The film is definitely a character piece letting the two acting giants do what they do best. The characters they create and their mannerisms, dialogue and the way they play off each other makes the film worth watching just for that.
5. Dustin Hoffman in Straw Dogs (1971)
Dustin Hoffman headlines this tale from veteran director Sam Peckinpah (“The Wild Bunch” and “The Getaway” (1972)) about a math genius and his English wife who start a life for themselves in the rural landscape of the United Kingdom.
The couple’s life seems harmless enough until the locals start to harass the couple headlined by a former boyfriend. Tensions rise as David (Hoffman) hires a few of the men to do some work around their home and the men procrastinate getting anything done.
David’s wife, Amy (Susan George) ends up getting brutally raped within the home without David’s knowledge. Later, another altercation provokes several of the same locals to revisit the couple’s home in search of another man. A standoff ensues between the men and the couple both of which will go to any lengths to prevail.
The film was controversial upon release for the level of violence and for the depiction of the rape itself. Some thought Peckinpah was glorifying the violence instead of condemning it.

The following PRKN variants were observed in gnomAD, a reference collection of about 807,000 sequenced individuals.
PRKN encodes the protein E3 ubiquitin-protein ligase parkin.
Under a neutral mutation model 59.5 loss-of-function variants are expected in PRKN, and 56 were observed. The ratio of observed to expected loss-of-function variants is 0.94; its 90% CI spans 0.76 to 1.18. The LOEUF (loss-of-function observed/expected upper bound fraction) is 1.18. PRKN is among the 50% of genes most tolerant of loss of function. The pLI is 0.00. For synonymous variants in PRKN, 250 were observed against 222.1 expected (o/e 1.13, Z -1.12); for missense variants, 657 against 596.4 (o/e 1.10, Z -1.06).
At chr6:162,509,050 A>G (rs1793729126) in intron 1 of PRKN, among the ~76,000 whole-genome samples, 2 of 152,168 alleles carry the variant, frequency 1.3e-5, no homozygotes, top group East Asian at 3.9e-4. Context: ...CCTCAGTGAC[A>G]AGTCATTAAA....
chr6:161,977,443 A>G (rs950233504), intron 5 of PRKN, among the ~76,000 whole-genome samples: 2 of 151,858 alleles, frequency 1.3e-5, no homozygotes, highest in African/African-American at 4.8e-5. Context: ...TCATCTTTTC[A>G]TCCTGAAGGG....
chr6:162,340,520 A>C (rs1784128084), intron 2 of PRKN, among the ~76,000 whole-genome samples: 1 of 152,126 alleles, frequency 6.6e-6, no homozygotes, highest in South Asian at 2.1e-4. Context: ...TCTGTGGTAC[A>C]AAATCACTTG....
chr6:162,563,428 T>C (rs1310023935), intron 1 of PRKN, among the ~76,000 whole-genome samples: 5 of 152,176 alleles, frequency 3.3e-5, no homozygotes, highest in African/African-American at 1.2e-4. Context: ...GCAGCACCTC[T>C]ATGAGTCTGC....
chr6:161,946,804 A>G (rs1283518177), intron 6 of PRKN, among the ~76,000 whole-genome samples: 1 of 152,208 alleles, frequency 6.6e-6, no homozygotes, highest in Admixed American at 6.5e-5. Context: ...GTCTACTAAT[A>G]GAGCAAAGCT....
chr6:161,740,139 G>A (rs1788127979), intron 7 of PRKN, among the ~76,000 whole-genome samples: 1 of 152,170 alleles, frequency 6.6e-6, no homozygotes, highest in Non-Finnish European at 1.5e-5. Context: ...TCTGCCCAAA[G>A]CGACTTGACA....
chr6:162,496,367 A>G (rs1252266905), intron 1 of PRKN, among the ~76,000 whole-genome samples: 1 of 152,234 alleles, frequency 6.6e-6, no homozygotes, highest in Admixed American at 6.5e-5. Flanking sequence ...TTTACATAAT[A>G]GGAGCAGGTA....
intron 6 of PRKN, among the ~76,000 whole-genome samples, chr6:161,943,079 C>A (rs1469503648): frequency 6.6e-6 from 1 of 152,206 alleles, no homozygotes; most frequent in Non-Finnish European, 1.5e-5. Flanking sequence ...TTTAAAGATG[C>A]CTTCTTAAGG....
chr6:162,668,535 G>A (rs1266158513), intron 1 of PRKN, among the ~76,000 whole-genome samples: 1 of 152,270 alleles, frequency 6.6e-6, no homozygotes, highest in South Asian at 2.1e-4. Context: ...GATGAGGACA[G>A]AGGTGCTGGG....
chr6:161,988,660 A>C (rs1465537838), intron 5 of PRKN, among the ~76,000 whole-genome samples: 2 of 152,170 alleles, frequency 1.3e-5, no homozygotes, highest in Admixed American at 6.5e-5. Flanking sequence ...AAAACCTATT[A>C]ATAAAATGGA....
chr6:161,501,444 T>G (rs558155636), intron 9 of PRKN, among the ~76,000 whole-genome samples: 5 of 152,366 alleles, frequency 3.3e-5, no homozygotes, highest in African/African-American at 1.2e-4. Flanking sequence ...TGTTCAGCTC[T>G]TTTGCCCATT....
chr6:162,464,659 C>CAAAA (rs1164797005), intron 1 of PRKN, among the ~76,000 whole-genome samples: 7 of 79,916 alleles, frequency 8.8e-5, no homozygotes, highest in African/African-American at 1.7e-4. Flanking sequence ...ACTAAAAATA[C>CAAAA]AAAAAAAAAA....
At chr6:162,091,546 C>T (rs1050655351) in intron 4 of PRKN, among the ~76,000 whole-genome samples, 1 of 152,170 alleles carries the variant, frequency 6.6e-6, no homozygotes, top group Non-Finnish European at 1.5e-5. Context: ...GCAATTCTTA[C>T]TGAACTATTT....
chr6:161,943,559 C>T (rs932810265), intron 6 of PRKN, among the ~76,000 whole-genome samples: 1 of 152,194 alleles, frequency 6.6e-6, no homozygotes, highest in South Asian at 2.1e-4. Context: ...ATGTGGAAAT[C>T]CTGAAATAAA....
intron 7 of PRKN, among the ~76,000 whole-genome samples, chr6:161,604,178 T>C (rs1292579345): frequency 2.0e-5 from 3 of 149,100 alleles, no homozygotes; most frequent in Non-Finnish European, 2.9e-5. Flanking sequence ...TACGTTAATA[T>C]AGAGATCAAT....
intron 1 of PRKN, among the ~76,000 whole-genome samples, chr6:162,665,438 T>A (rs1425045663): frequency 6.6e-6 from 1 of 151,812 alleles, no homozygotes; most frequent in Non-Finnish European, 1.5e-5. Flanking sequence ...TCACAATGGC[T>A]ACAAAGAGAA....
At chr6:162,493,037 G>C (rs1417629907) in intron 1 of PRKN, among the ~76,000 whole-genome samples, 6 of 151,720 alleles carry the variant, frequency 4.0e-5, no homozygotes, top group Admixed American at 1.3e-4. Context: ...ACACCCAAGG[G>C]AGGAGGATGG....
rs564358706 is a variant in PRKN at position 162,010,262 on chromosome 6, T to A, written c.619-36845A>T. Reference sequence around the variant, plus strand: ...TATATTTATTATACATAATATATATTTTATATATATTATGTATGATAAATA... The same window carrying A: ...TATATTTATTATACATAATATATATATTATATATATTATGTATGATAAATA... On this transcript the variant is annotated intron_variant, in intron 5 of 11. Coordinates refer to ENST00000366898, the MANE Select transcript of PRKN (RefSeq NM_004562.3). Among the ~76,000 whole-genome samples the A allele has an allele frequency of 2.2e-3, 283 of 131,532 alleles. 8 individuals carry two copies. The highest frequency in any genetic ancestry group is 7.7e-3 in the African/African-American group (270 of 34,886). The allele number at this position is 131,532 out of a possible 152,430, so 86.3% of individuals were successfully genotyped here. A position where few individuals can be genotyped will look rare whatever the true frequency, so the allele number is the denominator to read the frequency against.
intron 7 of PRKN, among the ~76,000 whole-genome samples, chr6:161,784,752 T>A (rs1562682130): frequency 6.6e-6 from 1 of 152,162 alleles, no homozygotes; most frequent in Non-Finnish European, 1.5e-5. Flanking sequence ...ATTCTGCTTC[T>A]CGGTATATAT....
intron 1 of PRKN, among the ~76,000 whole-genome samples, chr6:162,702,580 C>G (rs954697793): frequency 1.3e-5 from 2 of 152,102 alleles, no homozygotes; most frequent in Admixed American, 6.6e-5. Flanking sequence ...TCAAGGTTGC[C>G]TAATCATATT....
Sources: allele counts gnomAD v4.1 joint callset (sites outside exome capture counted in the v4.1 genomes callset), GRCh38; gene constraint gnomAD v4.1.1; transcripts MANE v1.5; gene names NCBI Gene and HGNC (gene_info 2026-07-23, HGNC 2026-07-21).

The standoff between the two sides at the couple’s home is intense and worth watching just for the final sequence. The friction-filled climax does the story justice.
“Straw Dogs” was remade in 2011 with James Marsden and Kate Bosworth in the leads directed by Rod Lurie (“The Last Castle” and “The Contender”).
6. Guy Pearce and Robert Carlyle in Ravenous (1999)
If cannibal films are not your cup of tea, you may want to pass on this one.
During the time of the Mexican-American War, Captain John Boyd (Pearce) receives orders to command Fort Spencer, a remote post indeed with a seven-man regiment.
Shortly afterwards, a stranger (Carlyle) arrives and asks for assistance in locating his party who has gone missing. Through a tale of deception and remote snowy wilderness, some men become stranded and have to resort to any means necessary in order to survive.
It is hard to explain the story from here without giving too much away; however, you definitely cannot foresee where the movie is headed and thoroughly enjoy the 2nd and 3rd acts of the film as a result.
One can understand the graphic nature of the subject matter is not for the mainstream, but if you can take this type of story you should give it a watch!